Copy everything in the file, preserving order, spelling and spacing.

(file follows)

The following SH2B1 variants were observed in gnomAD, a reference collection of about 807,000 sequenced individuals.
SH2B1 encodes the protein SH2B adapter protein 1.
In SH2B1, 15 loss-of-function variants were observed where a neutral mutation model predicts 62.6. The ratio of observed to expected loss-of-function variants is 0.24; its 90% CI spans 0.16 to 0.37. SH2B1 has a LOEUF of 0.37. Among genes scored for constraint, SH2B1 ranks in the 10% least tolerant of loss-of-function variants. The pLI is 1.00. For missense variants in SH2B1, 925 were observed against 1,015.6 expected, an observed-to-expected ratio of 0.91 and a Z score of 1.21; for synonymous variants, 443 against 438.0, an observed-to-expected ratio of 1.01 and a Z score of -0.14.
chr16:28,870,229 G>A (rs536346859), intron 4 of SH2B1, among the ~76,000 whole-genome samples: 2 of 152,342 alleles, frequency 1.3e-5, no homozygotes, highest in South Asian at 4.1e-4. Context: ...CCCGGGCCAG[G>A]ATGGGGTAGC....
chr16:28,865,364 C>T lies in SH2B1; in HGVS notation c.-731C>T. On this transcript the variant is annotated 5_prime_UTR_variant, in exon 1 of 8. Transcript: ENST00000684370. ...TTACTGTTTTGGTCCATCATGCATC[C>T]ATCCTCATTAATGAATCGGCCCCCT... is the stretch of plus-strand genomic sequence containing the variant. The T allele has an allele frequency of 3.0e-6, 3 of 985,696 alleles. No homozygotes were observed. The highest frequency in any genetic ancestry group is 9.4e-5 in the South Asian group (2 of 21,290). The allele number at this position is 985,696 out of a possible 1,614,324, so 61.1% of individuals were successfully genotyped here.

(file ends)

The following SH2B1 variants were observed in gnomAD, a reference collection of about 807,000 sequenced individuals.
SH2B1 encodes the protein SH2B adapter protein 1.
In SH2B1, 15 loss-of-function variants were observed where a neutral mutation model predicts 62.6. The ratio of observed to expected loss-of-function variants is 0.24; its 90% CI spans 0.16 to 0.37. SH2B1 has a LOEUF of 0.37. Among genes scored for constraint, SH2B1 ranks in the 10% least tolerant of loss-of-function variants. The pLI is 1.00. For missense variants in SH2B1, 925 were observed against 1,015.6 expected, an observed-to-expected ratio of 0.91 and a Z score of 1.21; for synonymous variants, 443 against 438.0, an observed-to-expected ratio of 1.01 and a Z score of -0.14.
chr16:28,870,229 G>A (rs536346859), intron 4 of SH2B1, among the ~76,000 whole-genome samples: 2 of 152,342 alleles, frequency 1.3e-5, no homozygotes, highest in South Asian at 4.1e-4. Context: ...CCCGGGCCAG[G>A]ATGGGGTAGC....
chr16:28,865,364 C>T lies in SH2B1; in HGVS notation c.-731C>T. On this transcript the variant is annotated 5_prime_UTR_variant, in exon 1 of 8. Transcript: ENST00000684370. ...TTACTGTTTTGGTCCATCATGCATC[C>T]ATCCTCATTAATGAATCGGCCCCCT... is the stretch of plus-strand genomic sequence containing the variant. The T allele has an allele frequency of 3.0e-6, 3 of 985,696 alleles. No homozygotes were observed. The highest frequency in any genetic ancestry group is 9.4e-5 in the South Asian group (2 of 21,290). The allele number at this position is 985,696 out of a possible 1,614,324, so 61.1% of individuals were successfully genotyped here.